Wednesday, May 29, 2013
Aleister Crowley’s Simon Iff Stories and Other Works
Simon Iff is an old man. He’s in his 80s but he has the vigour of a man half his age. He also has a characteristically ironic and eccentric view of the world. Simon Iff is the man Crowley hoped to be when he reached that age - he is essentially an idealised self-portrait of the artist as a grand old man.
Among occult or psychic detective tales the Simon Iff stories are rather unique. There are no supernatural elements whatsoever. Not even paranormal phenomena. The cases that Simon Iff investigates are all very human crimes. What qualifies these stories as examples of occult detective stories is the unique methods of Crowley’s detective. Simon Iff is a magus and he uses Crowley’s philosophy (or religion if you prefer) as the basis for his understanding of the world, and this understanding of the world is the key to his methods. Simon Iff also has a profound knowledge of human psychology although his ideas on what makes people tick would appear more than a little eccentric to most people.
Simon Iff believes that in order to solve a crime it is necessary to study the minds of the people involved. Minds are more important than facts. He has no interest in crawling about on the floor looking for clues. He is contemptuous of alibis and bloodstains. He does not even deem it necessary to visit the scene of the crime. All he needs is sufficient information on the persons involved to understand the workings of their minds.
This unusual method necessarily means that the structure of these stories is very different from that of conventional detective stories. There is no gradual uncovering of the sequence of events and there is no gradual accumulation of clues.
The greatest strength of these stories is Crowley’s writing. He could be a very amusing writer indeed and these tales give him the opportunity to display his talent for light-hearted tongue-in-cheek storytelling. The tone is occasionally grim but is more often satirical and even whimsical, or willfully but amusingly perverse.
Many of the stories were written during Crowley’s residence in the United States and have an American setting. Simon Iff’s view of the US (which was undoubtedly identical to Crowley’s) is certainly eccentric.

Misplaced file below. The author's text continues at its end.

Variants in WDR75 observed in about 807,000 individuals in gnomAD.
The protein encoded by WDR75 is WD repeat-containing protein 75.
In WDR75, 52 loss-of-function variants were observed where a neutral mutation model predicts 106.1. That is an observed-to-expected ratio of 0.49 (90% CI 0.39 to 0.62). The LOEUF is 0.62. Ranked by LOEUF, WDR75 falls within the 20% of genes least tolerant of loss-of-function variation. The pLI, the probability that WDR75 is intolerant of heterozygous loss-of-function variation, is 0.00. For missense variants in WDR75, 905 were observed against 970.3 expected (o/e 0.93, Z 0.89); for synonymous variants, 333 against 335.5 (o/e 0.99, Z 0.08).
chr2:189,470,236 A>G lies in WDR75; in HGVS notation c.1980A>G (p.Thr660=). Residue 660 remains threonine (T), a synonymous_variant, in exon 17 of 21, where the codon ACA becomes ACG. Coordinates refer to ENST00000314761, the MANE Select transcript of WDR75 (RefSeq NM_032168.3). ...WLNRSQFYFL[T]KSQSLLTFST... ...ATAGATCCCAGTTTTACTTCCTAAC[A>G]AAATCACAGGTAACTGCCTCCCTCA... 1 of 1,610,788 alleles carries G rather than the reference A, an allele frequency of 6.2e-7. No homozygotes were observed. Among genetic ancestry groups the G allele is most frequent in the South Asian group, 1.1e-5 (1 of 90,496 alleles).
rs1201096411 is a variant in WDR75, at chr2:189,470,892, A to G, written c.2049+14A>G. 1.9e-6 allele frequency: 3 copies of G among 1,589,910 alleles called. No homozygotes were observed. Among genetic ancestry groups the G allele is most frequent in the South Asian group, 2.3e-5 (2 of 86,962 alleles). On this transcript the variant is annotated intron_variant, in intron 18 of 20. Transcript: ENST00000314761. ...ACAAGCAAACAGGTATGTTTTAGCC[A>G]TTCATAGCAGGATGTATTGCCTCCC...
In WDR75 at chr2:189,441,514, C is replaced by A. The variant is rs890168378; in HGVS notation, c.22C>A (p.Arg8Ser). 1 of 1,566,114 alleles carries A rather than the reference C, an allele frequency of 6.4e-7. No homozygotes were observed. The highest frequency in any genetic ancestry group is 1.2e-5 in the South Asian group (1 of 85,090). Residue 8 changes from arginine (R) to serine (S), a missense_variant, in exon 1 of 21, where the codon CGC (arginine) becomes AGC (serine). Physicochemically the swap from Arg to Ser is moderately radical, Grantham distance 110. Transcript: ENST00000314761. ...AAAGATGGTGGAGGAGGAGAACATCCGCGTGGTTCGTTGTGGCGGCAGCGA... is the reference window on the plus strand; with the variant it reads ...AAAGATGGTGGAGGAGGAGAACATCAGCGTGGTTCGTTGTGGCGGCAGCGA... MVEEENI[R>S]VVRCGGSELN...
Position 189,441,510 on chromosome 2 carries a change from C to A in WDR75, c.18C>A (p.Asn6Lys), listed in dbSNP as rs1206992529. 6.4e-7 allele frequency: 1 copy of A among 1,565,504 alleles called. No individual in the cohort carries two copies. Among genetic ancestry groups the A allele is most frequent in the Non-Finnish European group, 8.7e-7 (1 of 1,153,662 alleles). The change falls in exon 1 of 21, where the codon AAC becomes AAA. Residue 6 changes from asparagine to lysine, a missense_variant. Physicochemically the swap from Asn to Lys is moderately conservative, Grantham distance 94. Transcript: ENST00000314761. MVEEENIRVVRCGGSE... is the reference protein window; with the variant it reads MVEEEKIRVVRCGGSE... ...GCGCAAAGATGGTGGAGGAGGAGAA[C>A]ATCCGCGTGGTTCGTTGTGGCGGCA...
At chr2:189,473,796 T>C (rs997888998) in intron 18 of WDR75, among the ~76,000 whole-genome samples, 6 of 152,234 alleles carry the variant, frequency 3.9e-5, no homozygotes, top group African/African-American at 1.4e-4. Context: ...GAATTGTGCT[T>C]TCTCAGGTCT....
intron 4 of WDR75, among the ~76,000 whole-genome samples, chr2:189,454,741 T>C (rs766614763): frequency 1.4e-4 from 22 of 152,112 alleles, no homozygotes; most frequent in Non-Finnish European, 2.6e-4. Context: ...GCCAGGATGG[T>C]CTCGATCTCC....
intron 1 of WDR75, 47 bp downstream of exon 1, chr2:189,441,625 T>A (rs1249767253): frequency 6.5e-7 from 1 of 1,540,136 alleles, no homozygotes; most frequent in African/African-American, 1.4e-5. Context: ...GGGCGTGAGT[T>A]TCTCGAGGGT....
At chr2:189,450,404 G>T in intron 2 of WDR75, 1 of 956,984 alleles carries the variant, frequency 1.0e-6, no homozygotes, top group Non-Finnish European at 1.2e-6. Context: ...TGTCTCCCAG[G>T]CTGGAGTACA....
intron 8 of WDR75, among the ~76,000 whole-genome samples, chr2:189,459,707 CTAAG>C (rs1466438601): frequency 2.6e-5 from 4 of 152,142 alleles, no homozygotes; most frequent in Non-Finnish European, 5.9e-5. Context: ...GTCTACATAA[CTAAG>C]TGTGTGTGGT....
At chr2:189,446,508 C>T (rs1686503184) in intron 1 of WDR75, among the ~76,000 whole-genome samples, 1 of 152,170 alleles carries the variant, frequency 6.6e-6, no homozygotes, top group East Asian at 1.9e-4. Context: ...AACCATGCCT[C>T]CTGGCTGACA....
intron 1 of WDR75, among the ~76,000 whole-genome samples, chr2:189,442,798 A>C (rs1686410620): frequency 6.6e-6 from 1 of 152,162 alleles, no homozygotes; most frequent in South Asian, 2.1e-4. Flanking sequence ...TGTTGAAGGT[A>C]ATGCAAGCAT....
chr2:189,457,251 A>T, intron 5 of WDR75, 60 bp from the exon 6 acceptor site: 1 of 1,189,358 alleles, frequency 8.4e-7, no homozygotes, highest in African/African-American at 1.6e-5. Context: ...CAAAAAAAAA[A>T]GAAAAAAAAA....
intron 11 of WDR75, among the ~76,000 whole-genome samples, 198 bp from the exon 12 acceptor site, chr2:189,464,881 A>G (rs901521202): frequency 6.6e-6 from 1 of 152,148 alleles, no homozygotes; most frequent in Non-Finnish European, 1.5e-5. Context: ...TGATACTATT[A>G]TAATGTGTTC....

Crowley had a tendency to magnify his own importance and Simon Iff can be seen as a kind of wish-fulfillment fantasy. Iff is a celebrity detective who wines and dines with the high and the mighty.
The major weakness though is that Crowley uses these stories to push his own philosophy, and it’s a fairly silly philosophy. Simon Iff’s continual trashing of conventional morality eventually gets tiresome and predictable. Like Crowley himself the detective is to a large extent contrarian for the sake of being contrarian. He also espouses some remarkably foolish and naïve notions about other cultures, all of which are assumed to be superior to wicked western civilisation.
This Wordsworth volume also contains Golden Twigs, a short series of stories inspired by Sir James G. Frazer’s The Golden Bough.
Serious crime fiction fans may be dismayed by the lack of attention in the Simon Iff stories to most of the conventions of the genre but that is balanced by Simon’s attention to the psychological motivations of crime, even if those psychological motivations often turn out to be bizarre and unlikely.
Crowley buffs will of course enjoy this collection.
The Simon Iff stories (and this collection includes all twenty-three) are unusual but they are fairly entertaining although Crowley is best enjoyed in small doses. Definitely off-beat and worth a look.